Virtual and Real Metaphyics

Metaphysics is an important element of all Traditions. By that we mean an exact science, as precise as mathematics, and as such, it is neither a speculative system nor a matter for philosophical debate. The fundamental tenet of metaphysics is that there are principles that determine or explain the hidden structure of the world. These principles can be understood either in a virtual or a real sense.

  • Virtual. Guenon explains that metaphysics is beyond logic, but is not illogical. That is, there is no compelling logical argument to coerce a thinking person to accept the first principles it proposes. Nevertheless, given those first principles, other principles do follow logically from them. Someone may accept these principles as a matter of thought; this is virtual understanding.
  • Real. Beyond the merely verbal understanding, Guenon refers to a “metaphysical realization”. That is, the principles are known in a direct way, or by an “intuition”, in analogy to the direct perception of physical objects. In this realization, there is a change in state of being to correspond to the principle. Intuition, in this sense, does not mean anything like a “hunch” or any other irrational form of knowing.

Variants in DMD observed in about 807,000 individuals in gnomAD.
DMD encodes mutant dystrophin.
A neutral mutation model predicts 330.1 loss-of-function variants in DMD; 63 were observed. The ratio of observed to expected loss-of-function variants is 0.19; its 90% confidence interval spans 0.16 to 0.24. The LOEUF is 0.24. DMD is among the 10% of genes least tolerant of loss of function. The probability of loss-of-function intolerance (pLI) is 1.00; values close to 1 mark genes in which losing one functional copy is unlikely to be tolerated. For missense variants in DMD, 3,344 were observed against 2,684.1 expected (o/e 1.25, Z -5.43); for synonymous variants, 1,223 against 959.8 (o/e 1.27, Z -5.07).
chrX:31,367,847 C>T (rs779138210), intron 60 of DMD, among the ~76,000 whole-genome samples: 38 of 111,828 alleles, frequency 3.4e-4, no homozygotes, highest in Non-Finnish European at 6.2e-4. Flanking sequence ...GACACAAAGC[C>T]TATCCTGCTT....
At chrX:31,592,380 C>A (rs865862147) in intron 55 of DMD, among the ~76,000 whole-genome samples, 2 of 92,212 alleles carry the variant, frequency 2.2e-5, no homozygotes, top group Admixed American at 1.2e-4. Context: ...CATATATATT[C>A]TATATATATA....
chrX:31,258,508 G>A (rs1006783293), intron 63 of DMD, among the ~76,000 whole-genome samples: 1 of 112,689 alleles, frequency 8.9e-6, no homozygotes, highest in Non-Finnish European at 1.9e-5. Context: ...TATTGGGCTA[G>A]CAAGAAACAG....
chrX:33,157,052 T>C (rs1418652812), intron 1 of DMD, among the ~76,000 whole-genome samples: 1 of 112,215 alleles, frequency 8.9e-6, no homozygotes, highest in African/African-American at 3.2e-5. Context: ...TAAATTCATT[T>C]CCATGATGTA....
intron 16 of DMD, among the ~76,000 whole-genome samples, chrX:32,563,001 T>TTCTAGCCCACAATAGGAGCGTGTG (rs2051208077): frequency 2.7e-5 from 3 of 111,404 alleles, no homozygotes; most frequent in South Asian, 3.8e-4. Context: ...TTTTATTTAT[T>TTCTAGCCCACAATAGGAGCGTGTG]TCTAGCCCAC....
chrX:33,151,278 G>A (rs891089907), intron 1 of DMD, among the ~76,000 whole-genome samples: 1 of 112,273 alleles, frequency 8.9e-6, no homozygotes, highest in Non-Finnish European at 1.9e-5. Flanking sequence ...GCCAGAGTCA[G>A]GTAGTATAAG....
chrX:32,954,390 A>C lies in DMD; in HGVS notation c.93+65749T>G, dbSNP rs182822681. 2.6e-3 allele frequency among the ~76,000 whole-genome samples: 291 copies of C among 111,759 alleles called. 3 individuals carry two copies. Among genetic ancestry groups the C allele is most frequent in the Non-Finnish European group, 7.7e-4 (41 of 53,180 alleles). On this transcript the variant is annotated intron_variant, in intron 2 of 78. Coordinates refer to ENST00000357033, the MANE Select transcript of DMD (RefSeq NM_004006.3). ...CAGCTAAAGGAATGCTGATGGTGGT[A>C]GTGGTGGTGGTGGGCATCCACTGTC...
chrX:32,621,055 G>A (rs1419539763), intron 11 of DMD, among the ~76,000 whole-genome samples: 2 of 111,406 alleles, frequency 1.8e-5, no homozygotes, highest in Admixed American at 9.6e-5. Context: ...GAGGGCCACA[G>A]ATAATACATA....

The first step is a virtual understanding. Based on the testimonies of the seers and saints of tradition regarding real understanding, a man has faith in the truth of the principles. Through initiation and spiritual practice, that understanding deepens. Since man is a microcosm, these practices involve dispassionate observation of one’s own states of consciousness; this understanding then is also an understanding of the macrocosm.